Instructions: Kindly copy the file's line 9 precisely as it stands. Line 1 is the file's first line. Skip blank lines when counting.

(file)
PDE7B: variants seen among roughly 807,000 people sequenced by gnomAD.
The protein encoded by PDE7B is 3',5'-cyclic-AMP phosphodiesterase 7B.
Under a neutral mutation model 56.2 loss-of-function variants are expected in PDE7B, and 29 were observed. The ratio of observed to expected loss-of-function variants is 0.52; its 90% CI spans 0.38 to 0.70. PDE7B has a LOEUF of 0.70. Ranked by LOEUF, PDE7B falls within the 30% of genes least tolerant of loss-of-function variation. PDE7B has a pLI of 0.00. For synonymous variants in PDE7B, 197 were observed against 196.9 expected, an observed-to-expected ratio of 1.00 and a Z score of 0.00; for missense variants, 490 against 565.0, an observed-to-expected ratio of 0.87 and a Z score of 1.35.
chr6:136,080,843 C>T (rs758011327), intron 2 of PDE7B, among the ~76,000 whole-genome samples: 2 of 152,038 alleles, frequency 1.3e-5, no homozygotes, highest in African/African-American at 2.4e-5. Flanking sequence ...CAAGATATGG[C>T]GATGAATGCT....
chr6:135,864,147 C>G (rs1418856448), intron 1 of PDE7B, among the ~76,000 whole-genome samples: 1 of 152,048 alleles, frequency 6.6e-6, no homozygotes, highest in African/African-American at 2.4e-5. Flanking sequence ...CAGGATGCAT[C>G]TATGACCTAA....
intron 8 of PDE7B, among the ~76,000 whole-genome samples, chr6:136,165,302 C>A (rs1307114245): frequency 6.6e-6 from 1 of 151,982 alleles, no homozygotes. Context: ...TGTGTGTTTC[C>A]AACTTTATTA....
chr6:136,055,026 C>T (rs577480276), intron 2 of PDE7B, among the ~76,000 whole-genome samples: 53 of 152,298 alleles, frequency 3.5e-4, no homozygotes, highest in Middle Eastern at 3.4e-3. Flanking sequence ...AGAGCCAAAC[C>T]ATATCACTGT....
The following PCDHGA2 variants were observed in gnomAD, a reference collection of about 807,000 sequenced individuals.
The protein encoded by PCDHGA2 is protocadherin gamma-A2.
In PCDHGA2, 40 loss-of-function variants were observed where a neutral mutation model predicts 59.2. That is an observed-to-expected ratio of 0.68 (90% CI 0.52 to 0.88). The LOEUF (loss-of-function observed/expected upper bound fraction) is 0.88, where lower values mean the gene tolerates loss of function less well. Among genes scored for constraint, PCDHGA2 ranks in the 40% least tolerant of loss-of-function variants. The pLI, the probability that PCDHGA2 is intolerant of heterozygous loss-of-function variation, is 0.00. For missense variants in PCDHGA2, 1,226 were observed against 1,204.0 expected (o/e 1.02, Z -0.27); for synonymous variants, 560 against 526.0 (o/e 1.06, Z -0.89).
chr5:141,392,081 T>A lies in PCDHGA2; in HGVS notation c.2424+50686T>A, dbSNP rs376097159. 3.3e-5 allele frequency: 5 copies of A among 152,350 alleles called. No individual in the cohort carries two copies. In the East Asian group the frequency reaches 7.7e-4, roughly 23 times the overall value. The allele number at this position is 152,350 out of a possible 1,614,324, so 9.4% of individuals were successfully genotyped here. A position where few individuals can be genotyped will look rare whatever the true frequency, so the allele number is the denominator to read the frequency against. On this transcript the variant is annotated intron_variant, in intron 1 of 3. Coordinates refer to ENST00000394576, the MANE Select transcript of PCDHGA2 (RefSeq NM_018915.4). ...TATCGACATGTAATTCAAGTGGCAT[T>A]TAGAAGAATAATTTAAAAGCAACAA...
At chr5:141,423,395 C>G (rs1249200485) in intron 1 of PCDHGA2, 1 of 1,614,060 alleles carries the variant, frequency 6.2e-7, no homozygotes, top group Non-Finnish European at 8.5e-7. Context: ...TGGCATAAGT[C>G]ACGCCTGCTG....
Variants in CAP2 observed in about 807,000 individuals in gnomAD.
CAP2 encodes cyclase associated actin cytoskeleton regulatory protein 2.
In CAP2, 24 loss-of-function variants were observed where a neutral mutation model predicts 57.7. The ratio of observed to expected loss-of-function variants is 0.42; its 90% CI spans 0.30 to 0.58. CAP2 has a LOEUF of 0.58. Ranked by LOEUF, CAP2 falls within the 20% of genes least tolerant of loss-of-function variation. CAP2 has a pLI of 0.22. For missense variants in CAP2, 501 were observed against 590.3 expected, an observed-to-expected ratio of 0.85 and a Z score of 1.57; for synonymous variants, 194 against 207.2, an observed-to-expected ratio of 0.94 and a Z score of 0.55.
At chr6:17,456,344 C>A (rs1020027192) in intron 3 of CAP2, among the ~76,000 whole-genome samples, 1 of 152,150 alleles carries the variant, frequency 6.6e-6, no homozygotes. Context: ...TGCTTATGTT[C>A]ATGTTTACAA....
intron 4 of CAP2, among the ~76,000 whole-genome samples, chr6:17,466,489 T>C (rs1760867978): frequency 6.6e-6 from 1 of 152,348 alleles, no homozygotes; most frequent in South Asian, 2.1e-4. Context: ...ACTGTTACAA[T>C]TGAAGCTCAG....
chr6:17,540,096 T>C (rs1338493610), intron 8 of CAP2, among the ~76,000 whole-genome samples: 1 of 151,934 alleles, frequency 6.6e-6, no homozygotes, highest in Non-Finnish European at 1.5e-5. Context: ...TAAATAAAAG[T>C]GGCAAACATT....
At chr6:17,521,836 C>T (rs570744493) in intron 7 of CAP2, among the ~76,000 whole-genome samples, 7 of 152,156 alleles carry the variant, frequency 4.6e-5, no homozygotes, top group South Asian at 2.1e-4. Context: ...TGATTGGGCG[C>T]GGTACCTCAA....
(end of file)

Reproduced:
The protein encoded by PCDHGA2 is protocadherin gamma-A2.